Dunham again pointed to the resistance spot welds strategically placed around a locker’s C-channel frame—all virtually invisible under a 2-mil-thick layer of powder coating that’s double the industry standard.
“The reason we do 2 mil [of coating] is not just to say we do. It’s just a baseline for doing it right, to ensure coverage in the corners and prevent the rust from moving in. A lot of these lockers go into heavy-traffic, wear-and-tear environments. Showers can be nearby, and condensation can build up. These lockers can stand up in those environments.”
A powder coating technician, standing behind a row of mechanized coating guns, preps for a job.
Visit LockersMFG’s plant today, and you won’t see any brake operator spending excessive time setting up a machine. All bending programs are written and simulated offline. Sheet followers help a single operator wield a long workpiece and increase accuracy, especially considering the narrow return flanges operators create in those large workpieces.
Feeding the forming department is a blanking area consisting of several automated 3-kW fiber lasers with two 15-shelf towers and a collection of AMADA turret punch presses.
For LockersMFG, that mix of technology works. The laser gives LockersMFG design flexibility and quick-response prototyping, which sets the company apart from the competition. And because the laser produces lights-out, operators arrive in the morning with a healthy buffer of work ready to be processed for the day.
The company uses the turret punch presses for special forms like louvers as well as cluster-punch tools designed to create diamond perforations. The turret’s rigid cluster punches have proven, high-quality results. If they’re well maintained and well sharpened, the tools produce a burr-free edge.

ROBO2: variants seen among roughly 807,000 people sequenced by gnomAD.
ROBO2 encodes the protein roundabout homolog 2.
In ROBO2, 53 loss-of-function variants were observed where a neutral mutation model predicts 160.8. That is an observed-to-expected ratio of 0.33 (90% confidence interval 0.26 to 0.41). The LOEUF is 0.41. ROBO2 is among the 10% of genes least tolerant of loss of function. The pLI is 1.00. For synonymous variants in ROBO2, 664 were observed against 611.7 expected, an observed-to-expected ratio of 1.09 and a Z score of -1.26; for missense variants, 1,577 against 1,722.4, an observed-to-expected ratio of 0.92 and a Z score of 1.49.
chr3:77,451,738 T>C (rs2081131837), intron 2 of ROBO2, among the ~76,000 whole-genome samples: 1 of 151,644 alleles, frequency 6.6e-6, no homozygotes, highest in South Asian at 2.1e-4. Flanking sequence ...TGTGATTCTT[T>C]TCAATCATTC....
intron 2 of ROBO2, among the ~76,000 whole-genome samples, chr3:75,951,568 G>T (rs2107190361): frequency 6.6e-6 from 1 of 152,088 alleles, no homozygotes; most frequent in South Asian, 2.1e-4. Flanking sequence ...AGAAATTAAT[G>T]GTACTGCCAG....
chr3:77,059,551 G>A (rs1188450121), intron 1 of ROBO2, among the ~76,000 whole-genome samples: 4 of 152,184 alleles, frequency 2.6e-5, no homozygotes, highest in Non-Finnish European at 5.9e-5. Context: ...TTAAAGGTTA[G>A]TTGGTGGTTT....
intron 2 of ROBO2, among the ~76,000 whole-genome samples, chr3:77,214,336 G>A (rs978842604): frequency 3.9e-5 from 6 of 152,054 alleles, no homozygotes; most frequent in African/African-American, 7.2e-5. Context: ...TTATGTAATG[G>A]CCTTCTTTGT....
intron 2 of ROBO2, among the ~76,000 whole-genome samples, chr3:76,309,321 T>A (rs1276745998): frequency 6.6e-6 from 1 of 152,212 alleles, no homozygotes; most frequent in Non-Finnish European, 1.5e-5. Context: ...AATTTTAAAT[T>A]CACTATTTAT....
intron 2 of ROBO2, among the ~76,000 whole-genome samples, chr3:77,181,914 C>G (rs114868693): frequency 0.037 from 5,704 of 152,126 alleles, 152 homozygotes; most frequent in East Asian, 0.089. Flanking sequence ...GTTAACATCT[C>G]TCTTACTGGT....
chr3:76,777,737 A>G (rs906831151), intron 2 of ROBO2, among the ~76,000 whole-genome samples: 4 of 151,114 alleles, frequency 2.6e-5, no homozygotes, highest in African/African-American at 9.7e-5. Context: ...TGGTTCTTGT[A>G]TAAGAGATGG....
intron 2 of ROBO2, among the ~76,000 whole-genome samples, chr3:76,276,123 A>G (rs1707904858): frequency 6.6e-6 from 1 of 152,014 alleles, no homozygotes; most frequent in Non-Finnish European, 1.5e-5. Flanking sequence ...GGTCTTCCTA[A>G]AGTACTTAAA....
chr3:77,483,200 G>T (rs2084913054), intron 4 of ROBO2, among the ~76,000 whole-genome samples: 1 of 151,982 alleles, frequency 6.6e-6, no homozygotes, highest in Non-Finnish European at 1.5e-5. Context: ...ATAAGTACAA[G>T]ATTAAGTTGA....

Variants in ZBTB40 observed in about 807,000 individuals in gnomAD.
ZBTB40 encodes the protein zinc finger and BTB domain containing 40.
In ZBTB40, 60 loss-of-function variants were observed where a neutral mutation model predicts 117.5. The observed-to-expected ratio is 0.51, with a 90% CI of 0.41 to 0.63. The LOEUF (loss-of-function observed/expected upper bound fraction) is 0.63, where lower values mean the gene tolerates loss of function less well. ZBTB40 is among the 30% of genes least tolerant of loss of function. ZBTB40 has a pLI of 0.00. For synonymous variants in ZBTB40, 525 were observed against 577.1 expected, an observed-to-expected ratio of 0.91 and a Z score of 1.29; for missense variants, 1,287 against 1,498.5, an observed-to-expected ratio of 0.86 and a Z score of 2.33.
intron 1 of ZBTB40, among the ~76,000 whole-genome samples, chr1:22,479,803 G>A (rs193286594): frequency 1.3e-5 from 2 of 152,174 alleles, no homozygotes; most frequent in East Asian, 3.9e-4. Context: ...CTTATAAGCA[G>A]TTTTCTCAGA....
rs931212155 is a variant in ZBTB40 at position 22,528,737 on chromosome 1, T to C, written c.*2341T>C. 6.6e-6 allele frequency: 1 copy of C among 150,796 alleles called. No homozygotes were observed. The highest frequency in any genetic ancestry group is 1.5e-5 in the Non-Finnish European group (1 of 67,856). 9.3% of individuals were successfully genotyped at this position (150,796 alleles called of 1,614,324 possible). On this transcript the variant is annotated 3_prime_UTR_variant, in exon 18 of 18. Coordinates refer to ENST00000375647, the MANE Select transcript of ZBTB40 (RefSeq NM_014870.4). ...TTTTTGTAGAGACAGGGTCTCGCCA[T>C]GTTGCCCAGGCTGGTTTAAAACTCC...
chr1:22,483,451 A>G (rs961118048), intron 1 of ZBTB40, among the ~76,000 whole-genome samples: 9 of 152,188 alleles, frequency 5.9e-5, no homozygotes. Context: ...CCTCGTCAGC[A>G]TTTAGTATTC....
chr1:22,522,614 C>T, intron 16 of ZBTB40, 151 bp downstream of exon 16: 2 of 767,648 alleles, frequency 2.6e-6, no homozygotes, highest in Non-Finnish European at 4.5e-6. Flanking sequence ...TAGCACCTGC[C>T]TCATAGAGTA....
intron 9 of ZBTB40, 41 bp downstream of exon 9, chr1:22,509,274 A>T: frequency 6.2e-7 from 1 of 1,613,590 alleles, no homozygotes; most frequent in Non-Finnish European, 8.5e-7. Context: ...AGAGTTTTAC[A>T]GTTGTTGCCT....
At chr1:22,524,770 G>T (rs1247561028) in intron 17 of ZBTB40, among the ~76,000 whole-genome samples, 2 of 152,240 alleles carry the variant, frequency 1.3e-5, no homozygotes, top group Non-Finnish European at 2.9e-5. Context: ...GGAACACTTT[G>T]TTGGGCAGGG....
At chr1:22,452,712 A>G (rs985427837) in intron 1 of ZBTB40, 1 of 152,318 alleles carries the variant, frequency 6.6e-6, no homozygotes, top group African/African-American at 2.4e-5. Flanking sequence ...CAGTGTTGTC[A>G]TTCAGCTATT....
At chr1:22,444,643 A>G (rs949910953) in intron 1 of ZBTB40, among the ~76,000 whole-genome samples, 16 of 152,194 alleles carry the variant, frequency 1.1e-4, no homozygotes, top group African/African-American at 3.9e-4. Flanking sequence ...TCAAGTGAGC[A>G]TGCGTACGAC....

Not every part requires a diamond perforation, and only certain pieces require louvers or other features created by punch form tools. So, having an automated laser cutting process alongside a collection of standalone punches makes sense. In effect, by focusing its automation at the primary laser cutting operation, LockerMFGs utilizes automation where it has the greatest impact.
Dunham and his team aren’t basing operational strategy on hunches or simple observation, either. They’re basing it on data—not just based on operators clocking in and out of jobs, but from tapping directly into machines on the floor.
“We’re now using AMADA Influent,” Dunham said, explaining that the system connects directly with machines on the floor. It tracks uptime, optimization, and provides a variety of real-time indicators. “We can access it to see how well we were using our machines this week. What was the uptime? What was the downtime?”
He added that the system also flags maintenance issues like lens changes, filter changes, even slat cleaning and changes for the cutting tables. After all, a laser can be tuned perfectly in every way, yet as the slats build with laser cutting slag, variability rears its ugly head.
Perhaps even more significant, the system tracks operations as they relate to specific jobs, including setup/changeover and run times, and puts the flow in context with the other jobs on the floor. Because LockersMFG produces a variety of different locker products and customizes them to the nth degree, the operation in many ways resembles a purely custom fab shop, with umpteen job routings flowing through various departments—cutting, bending, resistance spot welding—coming together in the seven-stage powder coating line, then being separated and staged for final assembly.